Subbulakshmi’s training in music began at a very early age under her mother Shanmukavadiver Ammal, a well-known veena player.
New Delhi: M.S. Subbulakshmi’s passion for her craft was absolute, and her humility phenomenal. It is said that when the Madras Corporation sought to rename the street where she lived in her honour, she refused, because fellow Carnatic giant D.K. Pattammal lived in the same neighbourhood. “If anyone’s name should be used, it should be Pattammal’s, she said, because she had lived there longer,” read a profile in Hindustan Times.
Sunday, 16 September, marks the 102nd birth anniversary of Subbulakshmi, a titan of the Carnatic school of music who passed away 14 years ago, leaving behind a rich ouevre of gems her fans continue to swear by.
Born in 1916 in a Tamil family of musicians based in Madurai, Subbulakshmi’s training in music began at a very early age under her mother Shanmukavadiver Ammal, a well-known veena player.
She then learnt the various gradations and nuances of Carnatic music under the tutelage of legendary vocalist Semmangudi Srinivasa Iyer, and also dabbled in Hindustani music under the wing of Pandit Narayanrao Vyas.
Subbulakshmi’s career as a singer started at the age 10, when her first recording was released. By next year, all of 11, she had delivered her first public performance at Triuchirappalli’s famous Rockfort Temple.
She tasted the first stirrings of the fame she was to court all her life at 13, after a performance at Madras Music Academy.
Some of her most notable renditions include Hanuman Chalisa, Kurai Ondrum Illai (composed by freedom fighter C. Rajagopalachari), and Bhajagovindam.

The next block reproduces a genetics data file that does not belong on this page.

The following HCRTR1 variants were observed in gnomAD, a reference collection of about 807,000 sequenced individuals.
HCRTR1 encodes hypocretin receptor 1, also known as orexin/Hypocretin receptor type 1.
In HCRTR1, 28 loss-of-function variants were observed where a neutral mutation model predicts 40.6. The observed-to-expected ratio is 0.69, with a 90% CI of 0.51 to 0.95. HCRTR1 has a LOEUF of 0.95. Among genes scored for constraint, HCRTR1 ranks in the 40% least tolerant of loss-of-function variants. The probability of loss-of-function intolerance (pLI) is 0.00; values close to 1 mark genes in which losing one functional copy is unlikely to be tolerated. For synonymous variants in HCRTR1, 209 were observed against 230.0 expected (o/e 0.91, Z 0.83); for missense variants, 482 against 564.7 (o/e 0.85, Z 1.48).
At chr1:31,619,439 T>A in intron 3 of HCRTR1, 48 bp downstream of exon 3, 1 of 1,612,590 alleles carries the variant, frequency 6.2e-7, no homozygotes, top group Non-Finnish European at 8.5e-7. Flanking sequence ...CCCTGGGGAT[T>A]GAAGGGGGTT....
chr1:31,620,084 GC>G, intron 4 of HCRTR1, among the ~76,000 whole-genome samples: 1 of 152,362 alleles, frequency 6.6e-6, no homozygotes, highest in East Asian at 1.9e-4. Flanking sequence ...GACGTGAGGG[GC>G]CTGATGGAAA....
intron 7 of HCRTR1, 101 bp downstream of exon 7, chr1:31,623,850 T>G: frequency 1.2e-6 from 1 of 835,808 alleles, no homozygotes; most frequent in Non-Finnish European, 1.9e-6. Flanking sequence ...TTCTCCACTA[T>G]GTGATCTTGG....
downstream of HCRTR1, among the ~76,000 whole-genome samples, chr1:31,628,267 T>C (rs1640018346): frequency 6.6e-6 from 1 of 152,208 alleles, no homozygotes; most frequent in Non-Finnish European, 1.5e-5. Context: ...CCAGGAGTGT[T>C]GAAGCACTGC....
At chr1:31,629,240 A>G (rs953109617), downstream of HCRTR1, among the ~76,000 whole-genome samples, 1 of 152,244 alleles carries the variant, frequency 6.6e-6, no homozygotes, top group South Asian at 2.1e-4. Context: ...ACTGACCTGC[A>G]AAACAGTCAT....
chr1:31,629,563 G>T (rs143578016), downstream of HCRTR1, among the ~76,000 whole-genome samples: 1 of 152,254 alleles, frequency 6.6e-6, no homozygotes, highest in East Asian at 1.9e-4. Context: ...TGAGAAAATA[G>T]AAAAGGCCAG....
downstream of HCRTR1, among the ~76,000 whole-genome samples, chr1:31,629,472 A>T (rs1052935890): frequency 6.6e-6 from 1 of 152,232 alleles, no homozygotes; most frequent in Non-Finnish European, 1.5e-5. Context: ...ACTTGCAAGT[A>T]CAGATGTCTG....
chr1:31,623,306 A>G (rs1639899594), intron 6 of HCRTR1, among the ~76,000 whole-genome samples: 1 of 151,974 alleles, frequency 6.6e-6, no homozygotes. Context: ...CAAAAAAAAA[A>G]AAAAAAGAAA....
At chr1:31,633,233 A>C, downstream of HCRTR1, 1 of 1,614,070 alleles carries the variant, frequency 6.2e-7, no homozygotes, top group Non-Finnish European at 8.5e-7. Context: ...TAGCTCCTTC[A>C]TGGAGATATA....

The brush with cinema
At 22, Subbulakshmi also began a brief stint in cinema with the Tamil movie Sevasadanam, which was a commercial as well as critical success.
She did five movies in all. In 1940, she married Sadasivam, who is said to be the person who introduced her to the world of Tamil cinema. It is said that MS, as Subbulakshmi is fondly called, played the role of Narada, a man, in the 1941 movie Savitri to raise funds for her husband’s Tamil weekly.
Her role as the Rajasthani saint-poetess Meera in a 1945 movie of the same name brought her national recognition. MS had also sung the popular Meera bhajans that were part of the film.
A golden voice, a golden heart
After her movie career, she turned all her focus to her calling as a musician of the Carnatic school, and international fame followed soon.
Her notable international performances include Scotland’s Edinburgh International Festival in 1963, Carnegie Hall in New York, the UN General Assembly on UN day in 1966, and at London’s famous Royal Alberta Hall in 1982.
She was also actively involved in humanitarian work, and is said to have performed in more than 200 charity concerts that together generated more than Rs 1 crore.
MS was also known to have given away the bulk of her prize money for social causes.
In 1988, she became the first musician to win the Bharat Ratna. MS was the first Indian to receive the prestigious Ramon Magsaysay award in 1974. In 1968, she received the Madras Music Academy’s Sangeetha Kalanidhi award, considered to be Carnatic music’s most prestigious honour.
In 1990, MS was conferred the Indira Gandhi Award For National Integration.
Over the years, she also received honorary degrees from many prominent universities.
Her fans have included the likes of Jawaharlal Nehru, Mahatma Gandhi, Sarojini Naidu, Lata Mangeshkar, and Ustad Bade Ghulam Ali Khan of the Hindustani school.
The final farewell
MS breathed her last on 11 December 2004 in Chennai, aged 88. Among those present at her funeral was APJ Abdul Kalam, who was then the President of India. She was cremated with full state honours.
On 18 December 2005, the United Nations issued postage stamps commemorating her birth centenary. In 2006, the Tirupati Urban Development Authority erected a bronze statue of her.
ThePrint’s YouTube channel is now active and buzzing. Please subscribe here.